Wyatt Employment Law Report

Lawsuit Filed to Enjoin U.S. Department of Labor’s New Persuader Activity Rule

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By George J. Miller

On March 30th, a group of plaintiffs consisting of several industry associations of employers and an Arkansas law firm filed an action in the U.S. District Court in Little Rock seeking an injunction to prevent the U.S. Department of Labor from implementing its new “persuader activity” rule.  This rule, which is set to take effect on April 26th, would expand the types of activities which employers and labor relations consultants (including attorneys and industry groups) must report to the Department of Labor.  Under the new rule, if a labor relations consultant performs any work for an employer which is intended even “indirectly” to persuade employees in their choice of whether or not to be represented by a labor union (including such activity as supervisor training, seminars for employers, and preparation of employment policies), then all activity of the consultant for that employer in the engagement must be reported, including any advice to the employer which is not itself intended to persuade employees.  In addition, if the terms of the engagement are in writing, then that written document must be filed.  Also, the financial terms of the engagement must be reported. This information would be filed in a public record accessible by anyone.  Failure to comply with the rule is a criminal offense punishable by a fine of up to $10,000 and up to a year in jail.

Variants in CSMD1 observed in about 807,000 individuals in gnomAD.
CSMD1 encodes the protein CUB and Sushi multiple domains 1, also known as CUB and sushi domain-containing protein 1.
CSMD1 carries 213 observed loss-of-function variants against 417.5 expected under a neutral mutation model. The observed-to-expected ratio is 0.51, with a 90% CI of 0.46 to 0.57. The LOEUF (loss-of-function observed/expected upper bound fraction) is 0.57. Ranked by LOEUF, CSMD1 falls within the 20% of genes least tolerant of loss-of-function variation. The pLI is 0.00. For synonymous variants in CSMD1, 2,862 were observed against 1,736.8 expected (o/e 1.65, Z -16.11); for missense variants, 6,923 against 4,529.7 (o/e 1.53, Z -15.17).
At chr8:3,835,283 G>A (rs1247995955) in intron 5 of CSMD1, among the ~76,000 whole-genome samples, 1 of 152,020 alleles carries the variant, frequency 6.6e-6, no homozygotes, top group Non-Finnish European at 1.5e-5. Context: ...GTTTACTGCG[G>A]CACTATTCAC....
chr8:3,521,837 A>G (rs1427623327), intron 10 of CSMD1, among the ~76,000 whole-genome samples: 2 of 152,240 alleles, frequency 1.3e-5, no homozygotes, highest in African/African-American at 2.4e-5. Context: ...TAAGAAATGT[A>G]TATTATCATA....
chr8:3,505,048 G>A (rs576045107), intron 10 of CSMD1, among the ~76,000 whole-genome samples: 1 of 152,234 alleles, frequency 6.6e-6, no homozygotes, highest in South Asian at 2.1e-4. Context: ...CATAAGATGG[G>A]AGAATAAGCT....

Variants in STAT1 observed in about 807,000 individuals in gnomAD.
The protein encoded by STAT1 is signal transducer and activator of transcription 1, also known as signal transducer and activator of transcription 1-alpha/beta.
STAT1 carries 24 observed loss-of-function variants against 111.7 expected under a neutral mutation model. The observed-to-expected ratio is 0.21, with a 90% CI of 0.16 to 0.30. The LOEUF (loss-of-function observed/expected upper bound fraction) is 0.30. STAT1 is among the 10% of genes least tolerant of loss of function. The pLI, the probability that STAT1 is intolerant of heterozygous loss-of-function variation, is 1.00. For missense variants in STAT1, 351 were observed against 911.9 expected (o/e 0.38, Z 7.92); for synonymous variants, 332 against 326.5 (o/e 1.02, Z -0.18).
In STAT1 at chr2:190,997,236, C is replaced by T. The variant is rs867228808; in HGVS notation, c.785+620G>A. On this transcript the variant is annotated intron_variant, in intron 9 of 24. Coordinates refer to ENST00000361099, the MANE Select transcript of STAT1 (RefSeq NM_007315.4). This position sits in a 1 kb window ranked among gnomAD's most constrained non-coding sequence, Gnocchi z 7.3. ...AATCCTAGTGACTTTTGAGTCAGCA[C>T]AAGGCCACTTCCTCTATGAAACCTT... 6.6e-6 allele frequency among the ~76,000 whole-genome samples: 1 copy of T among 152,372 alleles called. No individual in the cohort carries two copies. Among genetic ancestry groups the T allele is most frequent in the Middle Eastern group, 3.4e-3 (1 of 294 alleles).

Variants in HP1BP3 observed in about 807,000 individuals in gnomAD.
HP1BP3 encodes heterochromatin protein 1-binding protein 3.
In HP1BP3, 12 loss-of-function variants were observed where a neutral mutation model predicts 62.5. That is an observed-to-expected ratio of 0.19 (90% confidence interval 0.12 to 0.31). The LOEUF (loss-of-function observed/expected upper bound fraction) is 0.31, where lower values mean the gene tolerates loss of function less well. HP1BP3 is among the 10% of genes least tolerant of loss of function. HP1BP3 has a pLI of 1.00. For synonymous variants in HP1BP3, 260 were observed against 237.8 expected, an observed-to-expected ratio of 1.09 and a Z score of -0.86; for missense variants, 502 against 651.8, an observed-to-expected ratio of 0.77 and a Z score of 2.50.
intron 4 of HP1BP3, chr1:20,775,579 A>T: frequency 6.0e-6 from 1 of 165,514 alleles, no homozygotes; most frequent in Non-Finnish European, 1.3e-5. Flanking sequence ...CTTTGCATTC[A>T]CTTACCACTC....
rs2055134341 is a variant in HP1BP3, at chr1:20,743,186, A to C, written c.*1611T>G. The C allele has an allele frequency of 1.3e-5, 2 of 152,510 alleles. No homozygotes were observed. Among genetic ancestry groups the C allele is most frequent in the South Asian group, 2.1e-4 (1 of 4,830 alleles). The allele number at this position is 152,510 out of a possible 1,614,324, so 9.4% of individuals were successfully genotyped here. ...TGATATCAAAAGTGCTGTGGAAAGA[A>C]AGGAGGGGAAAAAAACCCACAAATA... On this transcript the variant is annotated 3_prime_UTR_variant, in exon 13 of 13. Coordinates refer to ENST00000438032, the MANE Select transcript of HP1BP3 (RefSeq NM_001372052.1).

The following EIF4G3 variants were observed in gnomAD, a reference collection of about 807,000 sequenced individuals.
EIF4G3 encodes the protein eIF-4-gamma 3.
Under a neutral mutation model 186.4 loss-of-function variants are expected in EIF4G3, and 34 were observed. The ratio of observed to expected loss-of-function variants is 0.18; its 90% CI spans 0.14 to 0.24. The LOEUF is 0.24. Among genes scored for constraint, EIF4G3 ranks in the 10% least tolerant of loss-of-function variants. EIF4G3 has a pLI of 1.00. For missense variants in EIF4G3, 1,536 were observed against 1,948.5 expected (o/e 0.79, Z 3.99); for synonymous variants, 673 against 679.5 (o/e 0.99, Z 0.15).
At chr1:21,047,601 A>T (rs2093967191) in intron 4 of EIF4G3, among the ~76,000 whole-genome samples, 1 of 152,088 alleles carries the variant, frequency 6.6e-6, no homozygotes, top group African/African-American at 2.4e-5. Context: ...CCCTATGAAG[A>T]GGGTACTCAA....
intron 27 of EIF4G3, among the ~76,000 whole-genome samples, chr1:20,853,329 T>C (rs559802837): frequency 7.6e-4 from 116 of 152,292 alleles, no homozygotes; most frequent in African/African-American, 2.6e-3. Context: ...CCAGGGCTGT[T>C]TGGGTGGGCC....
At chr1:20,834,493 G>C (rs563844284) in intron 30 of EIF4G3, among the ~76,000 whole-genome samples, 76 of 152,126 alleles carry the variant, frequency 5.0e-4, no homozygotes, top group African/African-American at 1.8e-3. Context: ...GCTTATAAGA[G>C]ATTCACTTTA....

The suit asks the court to declare the new rule unlawful on the basis that it violates the following: the First and Fifth Amendments to the U.S. Constitution, the federal Administrative Procedures Act and the National Labor Relations Act.  In addition, it unlawfully infringes on rules protecting attorney/client confidentiality, and fails to take into account the regulatory impact the rule would have on small employers.  Since the rule is set to take effect in slightly more than three weeks, the plaintiffs will certainly push to get at least a temporary decision from the court before then.

More suits seeking to enjoin the rule are likely to be filed shortly.

Leave a reply. Please note that although this blog may be helpful in informing clients and others who have an interest in information privacy and security, it is not intended to be legal advice. The information on this blog also should not be relied upon to form an attorney-client relationship.

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